Generally speaking, your bankruptcy will not affect your spouse. In some instances, on joint debt, your spouse may benefit from the automatic stay in bankruptcy, but otherwise, your spouse will not be affected.
Filing bankruptcy will affect your credit score. If your spouse doesn’t file bankruptcy, his or her credit score will not be affected by your filing. When your spouse’s credit report is pulled, your bankruptcy will not show on their report.
For debt in your name only, your bankruptcy should serve to discharge your obligations under that debt. For joint debt you may have in both your name and your spouse’s name, while your obligation under that debt may be discharged by the bankruptcy, your spouse will still be responsible for that debt. Typically, you are both liable for 100% of the debt. So after bankruptcy, your spouse is still liable for 100% or the full amount, of the debt.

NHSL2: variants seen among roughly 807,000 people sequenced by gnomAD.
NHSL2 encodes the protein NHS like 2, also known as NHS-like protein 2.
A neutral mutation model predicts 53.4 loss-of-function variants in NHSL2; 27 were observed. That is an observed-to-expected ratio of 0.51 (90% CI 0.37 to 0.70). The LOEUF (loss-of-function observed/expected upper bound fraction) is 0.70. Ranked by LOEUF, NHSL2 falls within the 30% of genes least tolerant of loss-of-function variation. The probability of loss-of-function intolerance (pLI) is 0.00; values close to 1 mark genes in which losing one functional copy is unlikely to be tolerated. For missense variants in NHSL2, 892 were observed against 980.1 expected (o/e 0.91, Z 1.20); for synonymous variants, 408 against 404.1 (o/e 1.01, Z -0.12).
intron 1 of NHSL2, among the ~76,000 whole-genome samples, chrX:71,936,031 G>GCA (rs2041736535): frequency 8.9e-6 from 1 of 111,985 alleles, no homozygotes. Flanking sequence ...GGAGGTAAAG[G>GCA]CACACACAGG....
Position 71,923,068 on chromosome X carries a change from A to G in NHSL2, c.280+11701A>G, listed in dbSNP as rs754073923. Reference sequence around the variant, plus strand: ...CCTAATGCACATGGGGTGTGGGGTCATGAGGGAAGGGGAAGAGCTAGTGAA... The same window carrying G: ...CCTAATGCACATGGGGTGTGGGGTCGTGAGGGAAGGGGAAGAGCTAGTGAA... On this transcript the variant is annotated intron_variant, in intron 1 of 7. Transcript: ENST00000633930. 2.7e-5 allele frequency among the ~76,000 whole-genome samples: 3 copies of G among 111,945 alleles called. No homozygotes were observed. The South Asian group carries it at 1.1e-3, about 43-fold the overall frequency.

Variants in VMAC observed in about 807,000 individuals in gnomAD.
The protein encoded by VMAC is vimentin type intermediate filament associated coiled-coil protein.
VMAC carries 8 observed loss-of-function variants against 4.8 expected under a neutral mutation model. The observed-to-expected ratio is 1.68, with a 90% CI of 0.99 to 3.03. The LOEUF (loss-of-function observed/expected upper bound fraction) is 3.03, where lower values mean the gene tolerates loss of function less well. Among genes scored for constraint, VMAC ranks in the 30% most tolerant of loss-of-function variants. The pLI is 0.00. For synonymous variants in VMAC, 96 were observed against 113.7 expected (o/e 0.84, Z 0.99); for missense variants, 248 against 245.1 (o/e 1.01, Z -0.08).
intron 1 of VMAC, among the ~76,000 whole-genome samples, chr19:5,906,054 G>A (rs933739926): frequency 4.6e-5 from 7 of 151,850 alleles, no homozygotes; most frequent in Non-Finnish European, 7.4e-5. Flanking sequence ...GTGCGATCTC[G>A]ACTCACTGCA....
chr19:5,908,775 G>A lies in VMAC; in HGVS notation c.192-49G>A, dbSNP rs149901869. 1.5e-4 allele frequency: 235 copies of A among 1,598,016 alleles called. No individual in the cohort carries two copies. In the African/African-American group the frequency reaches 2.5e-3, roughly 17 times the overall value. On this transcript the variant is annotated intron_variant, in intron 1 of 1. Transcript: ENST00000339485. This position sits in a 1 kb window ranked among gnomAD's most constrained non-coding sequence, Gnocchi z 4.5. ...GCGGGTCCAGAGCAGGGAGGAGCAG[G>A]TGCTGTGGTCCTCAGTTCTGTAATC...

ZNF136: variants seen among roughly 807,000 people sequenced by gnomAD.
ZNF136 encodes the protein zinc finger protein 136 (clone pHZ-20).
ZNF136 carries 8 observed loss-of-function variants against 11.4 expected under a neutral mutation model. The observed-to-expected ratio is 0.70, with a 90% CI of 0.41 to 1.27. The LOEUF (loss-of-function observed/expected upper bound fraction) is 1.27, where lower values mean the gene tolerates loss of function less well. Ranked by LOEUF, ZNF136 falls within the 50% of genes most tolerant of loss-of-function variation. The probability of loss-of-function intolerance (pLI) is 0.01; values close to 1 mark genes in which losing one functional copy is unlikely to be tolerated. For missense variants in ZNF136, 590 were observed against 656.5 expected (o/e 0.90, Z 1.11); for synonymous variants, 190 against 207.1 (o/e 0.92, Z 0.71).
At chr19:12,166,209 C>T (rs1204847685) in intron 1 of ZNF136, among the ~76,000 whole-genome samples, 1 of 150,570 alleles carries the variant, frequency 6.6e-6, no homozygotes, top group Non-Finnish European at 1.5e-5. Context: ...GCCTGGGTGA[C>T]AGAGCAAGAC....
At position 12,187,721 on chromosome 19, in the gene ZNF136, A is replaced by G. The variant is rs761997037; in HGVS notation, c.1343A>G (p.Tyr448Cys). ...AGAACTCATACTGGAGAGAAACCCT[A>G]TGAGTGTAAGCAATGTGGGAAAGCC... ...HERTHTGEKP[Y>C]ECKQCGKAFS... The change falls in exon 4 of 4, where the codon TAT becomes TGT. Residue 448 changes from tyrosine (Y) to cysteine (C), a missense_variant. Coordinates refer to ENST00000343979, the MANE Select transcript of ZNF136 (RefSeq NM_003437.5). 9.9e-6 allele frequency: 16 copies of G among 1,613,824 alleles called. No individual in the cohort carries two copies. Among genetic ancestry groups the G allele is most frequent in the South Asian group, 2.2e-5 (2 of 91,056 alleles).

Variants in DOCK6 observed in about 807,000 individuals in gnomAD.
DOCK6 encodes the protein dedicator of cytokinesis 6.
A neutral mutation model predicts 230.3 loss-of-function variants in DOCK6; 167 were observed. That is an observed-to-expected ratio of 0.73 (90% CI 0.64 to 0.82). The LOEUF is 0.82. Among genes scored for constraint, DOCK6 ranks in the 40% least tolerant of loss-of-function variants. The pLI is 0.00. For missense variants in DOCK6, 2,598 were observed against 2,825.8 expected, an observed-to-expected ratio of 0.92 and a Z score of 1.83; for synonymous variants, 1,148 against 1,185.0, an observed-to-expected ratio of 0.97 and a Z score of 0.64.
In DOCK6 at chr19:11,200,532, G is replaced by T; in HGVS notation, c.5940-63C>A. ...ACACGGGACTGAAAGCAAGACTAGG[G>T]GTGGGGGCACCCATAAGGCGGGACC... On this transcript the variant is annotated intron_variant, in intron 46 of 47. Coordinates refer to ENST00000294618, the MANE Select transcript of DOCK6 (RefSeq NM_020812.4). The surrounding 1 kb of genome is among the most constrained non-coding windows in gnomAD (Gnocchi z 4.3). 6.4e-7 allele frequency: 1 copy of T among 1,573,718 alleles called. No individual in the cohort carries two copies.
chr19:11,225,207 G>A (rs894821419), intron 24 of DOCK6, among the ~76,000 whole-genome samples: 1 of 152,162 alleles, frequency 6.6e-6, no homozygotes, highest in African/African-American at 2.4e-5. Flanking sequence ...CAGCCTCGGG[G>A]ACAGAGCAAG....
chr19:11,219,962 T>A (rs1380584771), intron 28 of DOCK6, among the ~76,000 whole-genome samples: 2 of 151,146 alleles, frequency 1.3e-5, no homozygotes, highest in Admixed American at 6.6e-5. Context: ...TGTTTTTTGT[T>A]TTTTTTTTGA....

The Bankruptcy Process
While your spouse’s income may be required for the purpose of determining whether you qualify for a Chapter 7 bankruptcy, or in determining your Chapter 13 payment, your spouse’s assets and other personal information are not needed nor disclosed in the bankruptcy filing. Additionally, your spouse will not need to attend the 341 meeting of the creditors.
Call An Attorney
If you have questions about filing bankruptcy, whether they relate to a non-filing spouse, or any other aspect of bankruptcy, please call 704.749.7747 to speak with an attorney. The call is free and we’re here to help.